It was this time last year that I raised a Point of Order with the Leader of the House about how concerned I was becoming with the government’s growing reluctance to provide straight-forward, sufficient answers to reasonable questions from members.

It was becoming increasingly difficult to get a decent answer to questions in the house and it had become nearly impossible to get a written response from ministers in anything resembling a timely fashion.

It seemed to me that the government was trying to hide its poor performance. I was concerned about what it meant for Parliamentary accountability and scrutiny.

A year on it is apparent that this was only the tip of a very large iceberg.

So many deeply troubling issues have subsequently bobbed to the surface - whether it’s the billions blown during a pandemic response riddled with cronyism and profiteering, the various ministerial scandals, the ever-lengthening string of broken promises, the screeching u-turns and the ongoing total lack of culpability.

Most recently the Prime Minister shamefully whipped his MPs to support ripping up the Parliamentary Standards procedure to save one of their own from a lobbying scandal.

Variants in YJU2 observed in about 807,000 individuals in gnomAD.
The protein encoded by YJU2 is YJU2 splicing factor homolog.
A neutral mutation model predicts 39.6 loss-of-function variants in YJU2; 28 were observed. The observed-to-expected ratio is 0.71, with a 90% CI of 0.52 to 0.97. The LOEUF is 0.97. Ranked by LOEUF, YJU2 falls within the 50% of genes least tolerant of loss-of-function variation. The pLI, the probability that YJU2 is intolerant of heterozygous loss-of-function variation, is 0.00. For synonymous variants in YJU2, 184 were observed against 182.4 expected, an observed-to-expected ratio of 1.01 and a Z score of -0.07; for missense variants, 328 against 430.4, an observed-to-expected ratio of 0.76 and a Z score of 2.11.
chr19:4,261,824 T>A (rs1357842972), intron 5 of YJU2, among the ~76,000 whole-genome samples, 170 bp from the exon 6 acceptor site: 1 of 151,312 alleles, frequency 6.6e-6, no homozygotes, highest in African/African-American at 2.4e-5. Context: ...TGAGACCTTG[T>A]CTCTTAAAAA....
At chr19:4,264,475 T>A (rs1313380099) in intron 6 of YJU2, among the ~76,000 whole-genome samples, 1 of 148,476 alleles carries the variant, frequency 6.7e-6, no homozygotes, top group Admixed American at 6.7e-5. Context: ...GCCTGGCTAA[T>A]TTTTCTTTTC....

And just when it seems things can’t get much worse, the Prime Minister sinks to new depths of inanity by waffling on about Muppets and Peppa Pig when he was supposed to be delivering serious and important speeches.

If the joke was ever funny to begin with, it isn’t any more.

The wheels are coming off and it is very worrying indeed.

We cannot allow this slow slide into sleaze and corruption to become the norm. This casual erosion of what it means to be an honest, competent and transparent government cannot continue.

That is not what politics should be. It shouldn’t be about helping your pals get a payday or merely a stepping stone to raking it in via lucrative consultancy gigs.

At the very least there needs to be a better system in place to look into dodgy dealings.

When you have a government as untrustworthy as this one you cannot rely on the toothless system we currently have - which essentially allows them to mark their own homework.

I fully support Labour’s call to create a truly independent anti-corruption and anti-cronyism commissioner and also an Office for Value for Money.

This would be a good start to cleaning up the mess the Conservatives have made and something a Labour government has promised it will ensure.

In the meantime, I will continue – particularly through my role on the Public Accounts Committee – to do everything I can to hold this government to account.